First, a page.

Before I knew it, the kitchen was clean and the twins were being shuttled off with their papaw and nana for the day. Once they were gone, the house seemed unnaturally silent as I nervously sat on the couch next to Dean, wringing my hands in my lap. At ten o'clock on the nose, a car pulled into the gravel driveway. Sudden panic gripped me. What if seeing him brought all the bad memories crashing back, or worse, what if he looked at me with disdain like Donna did?

"You ready?" Dean asked, gripping my clasped hands.

"Yes. No. I don't know," I said, feeling helpless.

"I'll be right here by you," he said, helping me to my feet.

"I know, which is the only reason I'm not hiding," I admitted as he placed a gentle kiss on my temple.

"I love you," he said so lightly I almost thought I'd imagined it.

I nodded. I loved him too. I couldn't say the words yet, but it was because of the love we shared I was able to walk out onto the front porch.

Sarah, Tim and Trish trailed behind us, providing a united front as we watched my dad climb from his car.

He looked older, was the first thought that popped in my head as I took in his appearance. Grey hair was sprinkled throughout his dark head giving him a more distinguished look.

"Madison," he said, looking at me uncertainly, stopping just short of the front porch.

"Dad," I said, cautiously descending the stairs slowly, stopping in front of him.

"You're all grown up and beautiful," he said, shooting me a watery smile as I threw myself in his arms. "I'm so sorry," he said, stroking my head as I sobbed against his shoulder. Years of guilt drifted away in an instant as his tears mingled with mine.


"Ready?" Trish asked, zipping up my robe for me.

"Yep, I'm ready to blow this Cracker Jack box," I joked as she placed my graduation cap on my head.

"You look so scholarly," she teased.

"Shhh, don't say that too loudly, they might take my robe back," I teased.

"Not on your life. It's a huge deal that you ended your senior year on the honor role," she chastised me.

"Too little, too late, but I'll take it," I said, smiling at her.

"You're a twit, but I love you," she said, giving me a long hug.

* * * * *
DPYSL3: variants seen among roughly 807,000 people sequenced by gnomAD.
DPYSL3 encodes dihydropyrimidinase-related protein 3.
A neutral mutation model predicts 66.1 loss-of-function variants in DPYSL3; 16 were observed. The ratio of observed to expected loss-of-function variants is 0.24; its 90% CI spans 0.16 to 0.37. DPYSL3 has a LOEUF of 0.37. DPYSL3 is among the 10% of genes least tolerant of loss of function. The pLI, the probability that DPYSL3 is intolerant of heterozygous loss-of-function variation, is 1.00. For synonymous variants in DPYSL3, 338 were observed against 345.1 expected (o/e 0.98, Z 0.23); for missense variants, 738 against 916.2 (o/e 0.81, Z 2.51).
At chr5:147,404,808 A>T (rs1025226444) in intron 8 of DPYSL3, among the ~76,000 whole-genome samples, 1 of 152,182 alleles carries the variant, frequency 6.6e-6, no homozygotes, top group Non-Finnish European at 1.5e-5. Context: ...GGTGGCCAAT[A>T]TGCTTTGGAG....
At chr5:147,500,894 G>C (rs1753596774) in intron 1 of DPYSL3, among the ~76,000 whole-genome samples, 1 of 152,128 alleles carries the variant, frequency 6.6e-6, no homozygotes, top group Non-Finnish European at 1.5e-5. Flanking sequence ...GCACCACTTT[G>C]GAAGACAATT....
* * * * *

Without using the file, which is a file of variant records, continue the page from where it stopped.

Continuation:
"I love you too," I said, blowing her kisses as I lined up with the rest of the H's in my graduating class.

Standing on tiptoes, I looked around behind me until my eyes found Dean's. "I love you," he mouthed.

"I love you too," I said out loud, making those around me laugh.

Turning back around, I didn't try to fight the wide grin that spread across my face. The amazing thing about love was that when you didn't have it, the word seemed impossible to use, but when you were surrounded by it, it was as easy to say as breathing. The last six months had been a nonstop initiation into love for me. Dean's family showered me with it, tucking me into the embrace of their family like I belonged there all along. When Donna kicked me out officially, a week after Christmas, his family gave me the option to move in with them, but my dad stepped in, asking if I would give living with him a chance. I went from thinking I had nowhere to go, to suddenly having options. I turned the Jackson family down, not wanting to ruin my relationship with Dean by moving in with him and his family. It still amazed me that they accepted me so unconditionally. By all rights, they should hate me. I had hooked and trapped their son, or maybe it was the other way around. I couldn't help thinking about my petal plucking daisy I had gotten at Mitch's funeral. My world was suddenly filled with people who were the petals of the daisy that would miss me.

The first few weeks of living with my dad were awkward, and I had found myself spending more time at Dean's house than at my dad's, but eventually we started to adjust. I think we both understood that it would come slowly. I credited a big part of it to my weekly counseling sessions with Beth.

Beth was another unexpected petal of my ‘miss me’ daisy. I had balked at the idea of going to counseling, but Sarah had eventually worn me down and I was forever grateful she did. Beth was amazing. She was tough, kind, compassionate, intuitive and the sounding board I never knew I wanted. She listened and questioned and continually reminded me that the past wasn't my fault. Together, we found long forgotten emotions I thought I had buried long ago. We flushed them out, exposing everything until it was raw, so they could heal once and for all. Beth encouraged my dad to join us for a few of my counseling sessions so he could get some insight into everything I had kept hidden for so long. Through our counseling together, I got to see the rage he still felt for what Jim had done to me, to his anguish for not being able to protect me, and finally, his shame that had kept him from reaching out to me. It was a long agonizing road at times, and we were far from normal, but we were slowly learning how to let the past go. I was slowly learning to forgive him for leaving me behind to clean up the mess.